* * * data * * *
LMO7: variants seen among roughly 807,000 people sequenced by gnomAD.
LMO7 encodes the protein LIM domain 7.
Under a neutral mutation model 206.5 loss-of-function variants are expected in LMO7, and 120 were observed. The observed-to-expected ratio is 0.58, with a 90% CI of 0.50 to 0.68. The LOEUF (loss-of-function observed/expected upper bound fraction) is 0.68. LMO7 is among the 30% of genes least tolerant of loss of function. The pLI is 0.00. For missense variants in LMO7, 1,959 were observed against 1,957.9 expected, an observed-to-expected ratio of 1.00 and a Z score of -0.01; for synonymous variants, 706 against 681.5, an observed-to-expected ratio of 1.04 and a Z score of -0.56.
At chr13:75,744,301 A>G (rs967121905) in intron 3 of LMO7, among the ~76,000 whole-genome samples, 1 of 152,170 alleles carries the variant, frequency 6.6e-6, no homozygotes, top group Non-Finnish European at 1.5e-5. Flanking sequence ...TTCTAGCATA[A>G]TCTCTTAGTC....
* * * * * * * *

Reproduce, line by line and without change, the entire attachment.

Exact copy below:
LMO7: variants seen among roughly 807,000 people sequenced by gnomAD.
LMO7 encodes the protein LIM domain 7.
Under a neutral mutation model 206.5 loss-of-function variants are expected in LMO7, and 120 were observed. The observed-to-expected ratio is 0.58, with a 90% CI of 0.50 to 0.68. The LOEUF (loss-of-function observed/expected upper bound fraction) is 0.68. LMO7 is among the 30% of genes least tolerant of loss of function. The pLI is 0.00. For missense variants in LMO7, 1,959 were observed against 1,957.9 expected, an observed-to-expected ratio of 1.00 and a Z score of -0.01; for synonymous variants, 706 against 681.5, an observed-to-expected ratio of 1.04 and a Z score of -0.56.
At chr13:75,744,301 A>G (rs967121905) in intron 3 of LMO7, among the ~76,000 whole-genome samples, 1 of 152,170 alleles carries the variant, frequency 6.6e-6, no homozygotes, top group Non-Finnish European at 1.5e-5. Flanking sequence ...TTCTAGCATA[A>G]TCTCTTAGTC....